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How one site safeguards the dating process

February 13, 2013|By Matt Lindner @mattlindner | For RedEye

The founders of a Chicago-based online matchmaking service say the art of courtship has evolved as technology has become more pervasive in our lives--and that's not necessarily a good thing.

"We think things have went a little bit too far with Facebook, with online dating where you're just interacting with your computer," said Sarah Press, CEO and co-founder of Project Fixup. "We wanted to create a fun way to bring single people together to meet in person at a fun bar and have a conversation and see if they hit it off."

Project Fixup aims to bring together compatible singles that share similar interests at venues throughout the city that will be conducive to conversation all while protecting their privacy in the process.

"You're able to communicate with your date anonymously through one of our phone numbers," said Alan Illing, the company's chief technology officer and a 28-year-old Lakeview resident. "We don't transmit your last name, we don't transmit your address, your phone number. Women in particular love the safety protections that we offer."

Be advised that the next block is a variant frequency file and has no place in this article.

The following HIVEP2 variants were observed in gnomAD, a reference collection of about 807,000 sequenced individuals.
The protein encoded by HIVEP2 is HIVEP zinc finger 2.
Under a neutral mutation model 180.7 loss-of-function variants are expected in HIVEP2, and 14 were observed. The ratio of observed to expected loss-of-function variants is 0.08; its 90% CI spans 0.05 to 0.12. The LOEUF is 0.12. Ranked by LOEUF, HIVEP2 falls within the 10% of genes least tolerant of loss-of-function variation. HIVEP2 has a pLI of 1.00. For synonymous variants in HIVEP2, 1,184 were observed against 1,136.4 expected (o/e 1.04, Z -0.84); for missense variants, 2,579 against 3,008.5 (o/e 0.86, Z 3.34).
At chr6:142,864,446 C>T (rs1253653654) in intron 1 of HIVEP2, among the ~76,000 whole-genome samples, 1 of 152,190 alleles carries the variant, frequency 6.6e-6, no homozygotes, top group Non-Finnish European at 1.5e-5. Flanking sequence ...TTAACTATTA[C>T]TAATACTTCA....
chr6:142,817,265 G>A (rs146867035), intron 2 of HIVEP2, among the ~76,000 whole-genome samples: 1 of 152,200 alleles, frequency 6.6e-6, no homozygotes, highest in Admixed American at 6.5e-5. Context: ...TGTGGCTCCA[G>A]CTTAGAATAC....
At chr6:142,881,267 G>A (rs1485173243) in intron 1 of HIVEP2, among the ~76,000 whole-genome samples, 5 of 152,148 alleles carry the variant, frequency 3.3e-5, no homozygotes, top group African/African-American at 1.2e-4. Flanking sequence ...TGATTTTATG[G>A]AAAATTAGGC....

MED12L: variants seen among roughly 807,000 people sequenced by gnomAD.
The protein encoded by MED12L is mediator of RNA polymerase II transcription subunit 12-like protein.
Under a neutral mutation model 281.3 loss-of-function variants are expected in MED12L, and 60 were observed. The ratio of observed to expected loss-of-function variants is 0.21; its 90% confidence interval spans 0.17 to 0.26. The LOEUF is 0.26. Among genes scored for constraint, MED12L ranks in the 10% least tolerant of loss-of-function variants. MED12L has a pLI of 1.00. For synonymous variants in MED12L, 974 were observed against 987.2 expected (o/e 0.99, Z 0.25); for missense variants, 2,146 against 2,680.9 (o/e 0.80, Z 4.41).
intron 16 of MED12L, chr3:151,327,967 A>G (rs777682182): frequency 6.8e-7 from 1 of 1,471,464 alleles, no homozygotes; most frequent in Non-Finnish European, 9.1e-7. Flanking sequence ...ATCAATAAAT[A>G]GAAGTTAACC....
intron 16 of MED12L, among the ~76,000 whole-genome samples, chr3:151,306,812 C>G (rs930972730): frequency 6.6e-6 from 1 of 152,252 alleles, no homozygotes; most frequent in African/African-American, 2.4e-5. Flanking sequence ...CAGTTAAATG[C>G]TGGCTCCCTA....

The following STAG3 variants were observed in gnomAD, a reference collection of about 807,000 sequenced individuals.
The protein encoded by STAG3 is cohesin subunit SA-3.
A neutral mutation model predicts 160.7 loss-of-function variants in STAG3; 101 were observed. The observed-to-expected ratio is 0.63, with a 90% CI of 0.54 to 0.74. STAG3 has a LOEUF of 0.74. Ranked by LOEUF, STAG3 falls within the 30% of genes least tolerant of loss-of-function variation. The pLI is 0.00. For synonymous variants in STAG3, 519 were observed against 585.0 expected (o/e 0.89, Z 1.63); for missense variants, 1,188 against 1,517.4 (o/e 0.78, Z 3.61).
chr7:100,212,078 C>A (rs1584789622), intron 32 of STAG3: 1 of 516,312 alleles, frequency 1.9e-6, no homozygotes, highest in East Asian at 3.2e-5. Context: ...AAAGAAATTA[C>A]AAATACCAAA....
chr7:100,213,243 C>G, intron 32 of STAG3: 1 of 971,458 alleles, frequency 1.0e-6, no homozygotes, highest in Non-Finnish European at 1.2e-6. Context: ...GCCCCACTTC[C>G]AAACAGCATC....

Meghan Stegemann, a 29-year-old Lincoln Square resident who has been on a couple of dates through the site, which charges users $15 for every date they go on, said that aspect of the site forces daters to get to the point when it comes to deciding whether there will be a second date.

"If you didn't want to see someone again, it's that night or nothing," she said. "You have to be a bit ballsy and tell people what you want."

Both Illing and Press are well aware that sometimes, people can be a more idealized version of themselves online. That's why after each date, they give daters a survey to see how everything went.

"If the person was different from how they described, they didn't look like their picture or they for whatever reason were different than they expected, we find out about that in the post-date survey and take that into consideration when we do future fixups," Press said. "It's not a perfect process but at least we have a little bit more of a feedback loop than some of those other sources."

Matt Linder is a RedEye special contributor.

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